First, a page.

Domain Archaea; Phylum Euryarchaeota; Class Archaeoglobi; Order Archaeoglobales; Family Archaeoglobaceae [Others may be used. Use NCBI link to find]
Description and Significance
G. ahangari is an anaerobic, coccoid-shaped member of Archaea that ranges from 0.3-0.5 micrometers in diameter. As seen under phase contrast microscopy, the cells are usually found alone or in couples and all have a single flagellum that is used for movement (mainly tumbling motility). Transmission Electron Microscopy releaved that the cell membranes of G. ahangari are similar to other members of Archaea, possesing three layers- a cytoplasmic membrane, a periplasmic space and a layer on the outer surface.
Describe the size and content of the genome. How many chromosomes? Circular or linear? Other interesting features? What is known about its sequence?
Cell Structure, Metabolism and Life Cycle
Interesting features of cell structure; how it gains energy; what important molecules it produces.
Cellular structures of G. ahangari are similar to other archaea. The only notable feature of this organism is its one monopolar flagellum that serves motility purposes.
Geoglobus ahangari can operate in an autotrophic sense by using hydrogen as an electron donor while reducing Fe(III) oxide. This process produces extracellular waste in the form of magnetite.
In contrast to autotrophy, G. ahangari also acts as a chemoorganotroph by oxidizing pyruvate, acetate, palmitate or stearate while reducing Fe(III). It also has the ability to oxidize long-chain fatty acids. Both long-chain fatty acids and compounds such as acetate represent byproducts and debris of many other organisms, which G. ahangari uses to drive its own chemical processes.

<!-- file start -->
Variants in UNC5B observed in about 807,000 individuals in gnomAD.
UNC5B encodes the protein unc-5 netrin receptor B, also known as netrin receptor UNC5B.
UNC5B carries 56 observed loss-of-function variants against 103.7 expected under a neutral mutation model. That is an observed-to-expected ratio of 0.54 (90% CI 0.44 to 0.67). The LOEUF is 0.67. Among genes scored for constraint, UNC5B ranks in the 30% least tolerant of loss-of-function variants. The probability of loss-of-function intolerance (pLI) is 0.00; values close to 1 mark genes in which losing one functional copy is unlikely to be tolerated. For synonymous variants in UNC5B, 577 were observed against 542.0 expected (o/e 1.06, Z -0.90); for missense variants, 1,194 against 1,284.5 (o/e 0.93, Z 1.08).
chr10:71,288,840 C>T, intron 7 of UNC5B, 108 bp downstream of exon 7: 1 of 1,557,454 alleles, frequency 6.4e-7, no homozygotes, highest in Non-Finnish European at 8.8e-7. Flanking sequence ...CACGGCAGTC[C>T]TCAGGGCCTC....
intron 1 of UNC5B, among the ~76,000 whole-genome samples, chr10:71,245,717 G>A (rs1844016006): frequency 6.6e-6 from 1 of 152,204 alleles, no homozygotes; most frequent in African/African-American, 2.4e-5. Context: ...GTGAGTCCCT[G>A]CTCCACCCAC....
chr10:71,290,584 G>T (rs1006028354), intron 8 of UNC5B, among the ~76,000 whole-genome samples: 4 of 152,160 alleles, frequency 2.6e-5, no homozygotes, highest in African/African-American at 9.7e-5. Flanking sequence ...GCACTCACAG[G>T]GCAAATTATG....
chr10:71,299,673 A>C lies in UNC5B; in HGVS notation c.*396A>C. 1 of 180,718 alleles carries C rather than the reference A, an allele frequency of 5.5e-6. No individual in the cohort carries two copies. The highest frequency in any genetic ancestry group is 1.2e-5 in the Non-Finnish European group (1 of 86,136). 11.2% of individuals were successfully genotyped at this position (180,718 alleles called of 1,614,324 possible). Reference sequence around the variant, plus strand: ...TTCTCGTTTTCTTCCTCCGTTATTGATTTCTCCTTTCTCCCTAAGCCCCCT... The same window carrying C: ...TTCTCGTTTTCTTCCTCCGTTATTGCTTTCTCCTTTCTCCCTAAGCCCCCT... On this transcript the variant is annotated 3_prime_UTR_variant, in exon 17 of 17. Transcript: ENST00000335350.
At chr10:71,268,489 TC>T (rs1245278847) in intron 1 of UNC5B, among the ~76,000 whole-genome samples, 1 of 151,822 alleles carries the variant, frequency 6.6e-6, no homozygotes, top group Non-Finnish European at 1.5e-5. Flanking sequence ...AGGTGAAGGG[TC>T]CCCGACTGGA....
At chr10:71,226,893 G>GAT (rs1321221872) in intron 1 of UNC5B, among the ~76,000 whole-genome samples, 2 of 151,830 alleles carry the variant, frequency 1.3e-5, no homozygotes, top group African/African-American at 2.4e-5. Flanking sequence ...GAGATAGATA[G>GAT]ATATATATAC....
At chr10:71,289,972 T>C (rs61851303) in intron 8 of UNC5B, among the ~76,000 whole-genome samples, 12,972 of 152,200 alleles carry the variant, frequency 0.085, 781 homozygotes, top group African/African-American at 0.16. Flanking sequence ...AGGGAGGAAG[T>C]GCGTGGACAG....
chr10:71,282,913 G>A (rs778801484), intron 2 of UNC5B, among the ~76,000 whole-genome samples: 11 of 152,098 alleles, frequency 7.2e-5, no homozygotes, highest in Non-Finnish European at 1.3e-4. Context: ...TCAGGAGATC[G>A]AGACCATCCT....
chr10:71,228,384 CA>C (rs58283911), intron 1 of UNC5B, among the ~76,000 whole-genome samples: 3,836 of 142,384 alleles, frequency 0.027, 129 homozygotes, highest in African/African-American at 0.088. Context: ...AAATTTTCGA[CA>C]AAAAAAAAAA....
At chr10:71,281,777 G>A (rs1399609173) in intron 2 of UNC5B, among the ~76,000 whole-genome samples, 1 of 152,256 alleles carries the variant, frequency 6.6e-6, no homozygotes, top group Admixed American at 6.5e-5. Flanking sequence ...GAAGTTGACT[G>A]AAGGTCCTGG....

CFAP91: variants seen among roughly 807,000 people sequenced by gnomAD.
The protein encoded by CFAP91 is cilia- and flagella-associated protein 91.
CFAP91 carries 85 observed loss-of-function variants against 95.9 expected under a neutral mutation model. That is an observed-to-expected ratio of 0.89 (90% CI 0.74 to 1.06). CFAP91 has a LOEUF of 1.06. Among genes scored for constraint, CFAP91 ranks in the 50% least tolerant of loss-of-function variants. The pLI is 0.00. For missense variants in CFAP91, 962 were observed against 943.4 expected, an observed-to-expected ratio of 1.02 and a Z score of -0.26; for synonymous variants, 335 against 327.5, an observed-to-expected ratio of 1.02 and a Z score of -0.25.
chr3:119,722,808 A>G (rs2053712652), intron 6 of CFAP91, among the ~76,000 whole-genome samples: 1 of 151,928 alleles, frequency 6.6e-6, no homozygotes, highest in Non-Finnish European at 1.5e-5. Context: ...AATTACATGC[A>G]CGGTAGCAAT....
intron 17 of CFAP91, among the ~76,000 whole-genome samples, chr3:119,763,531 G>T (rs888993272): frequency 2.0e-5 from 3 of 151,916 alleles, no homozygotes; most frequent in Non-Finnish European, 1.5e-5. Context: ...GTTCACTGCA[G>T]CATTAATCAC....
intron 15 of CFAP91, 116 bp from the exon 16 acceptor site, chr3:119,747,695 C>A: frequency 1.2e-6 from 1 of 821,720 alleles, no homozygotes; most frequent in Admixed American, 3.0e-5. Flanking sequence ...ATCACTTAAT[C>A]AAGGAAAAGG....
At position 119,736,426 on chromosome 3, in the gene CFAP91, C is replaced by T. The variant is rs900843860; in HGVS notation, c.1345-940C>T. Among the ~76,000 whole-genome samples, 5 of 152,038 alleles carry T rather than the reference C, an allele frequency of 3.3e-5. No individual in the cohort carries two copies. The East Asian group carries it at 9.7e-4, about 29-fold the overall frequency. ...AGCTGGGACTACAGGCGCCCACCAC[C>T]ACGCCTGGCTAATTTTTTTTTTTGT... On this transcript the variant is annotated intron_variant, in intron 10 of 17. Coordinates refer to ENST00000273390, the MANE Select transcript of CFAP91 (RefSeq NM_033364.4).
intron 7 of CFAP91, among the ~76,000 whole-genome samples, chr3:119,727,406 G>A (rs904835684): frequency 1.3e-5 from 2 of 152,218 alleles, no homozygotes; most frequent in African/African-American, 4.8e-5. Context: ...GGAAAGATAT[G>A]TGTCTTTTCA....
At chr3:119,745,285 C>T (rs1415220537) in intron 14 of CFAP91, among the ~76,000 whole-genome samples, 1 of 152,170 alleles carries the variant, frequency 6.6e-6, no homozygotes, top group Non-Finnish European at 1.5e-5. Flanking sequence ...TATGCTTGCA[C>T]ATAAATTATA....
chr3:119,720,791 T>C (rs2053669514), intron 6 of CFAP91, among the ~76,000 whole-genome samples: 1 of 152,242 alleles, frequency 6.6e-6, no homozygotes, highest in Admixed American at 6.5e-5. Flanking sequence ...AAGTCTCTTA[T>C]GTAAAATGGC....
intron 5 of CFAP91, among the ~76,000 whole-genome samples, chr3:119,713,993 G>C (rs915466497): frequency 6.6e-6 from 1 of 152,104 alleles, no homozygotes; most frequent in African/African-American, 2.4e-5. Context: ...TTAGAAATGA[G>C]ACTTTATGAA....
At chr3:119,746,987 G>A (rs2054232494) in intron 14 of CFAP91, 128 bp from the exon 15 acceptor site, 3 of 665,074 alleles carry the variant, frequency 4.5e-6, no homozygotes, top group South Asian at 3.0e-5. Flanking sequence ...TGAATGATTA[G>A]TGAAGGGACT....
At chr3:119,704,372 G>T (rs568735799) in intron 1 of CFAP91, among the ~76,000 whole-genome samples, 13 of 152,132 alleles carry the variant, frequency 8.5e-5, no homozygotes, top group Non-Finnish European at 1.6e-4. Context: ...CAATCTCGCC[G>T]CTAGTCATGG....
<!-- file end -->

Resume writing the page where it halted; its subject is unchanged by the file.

Ecology and Pathogenesis
Habitat; symbiosis; biogeochemical significance; contributions to environment.
The biogeochemical significance of G. ahangari is related to it's ability to use hydrogen emitted from geothermal marine vents as an electron donor when coupled to iron reduction. This autotrophy with use of Fe(III) oxide results in the accumulation of magnetite.
[Sample reference] Takai, K., Sugai, A., Itoh, T., and Horikoshi, K. "Palaeococcus ferrophilus gen. nov., sp. nov., a barophilic, hyperthermophilic archaeon from a deep-sea hydrothermal vent chimney". International Journal of Systematic and Evolutionary Microbiology. 2000. Volume 50. p. 489-500.
[http://ijs.sgmjournals.org/cgi/reprint/52/3/719 K. Kashefi, J. M. Tor, D. E. Holmes, C. V. Gaw Van Praagh, A. L. Reysenbach, and D. R. Lovley Geoglobus ahangari gen. nov., sp. nov., a novel hyperthermophilic archaeon capable of oxidizing organic acids and growing autotrophically on hydrogen with Fe(III) serving as the sole electron acceptor Int J Syst Evol Microbiol, May 2002; 52: 719 - 728.]
Page authored by _____, student of Prof. Jay Lennon at Michigan State University.
<-- Do not remove this line-->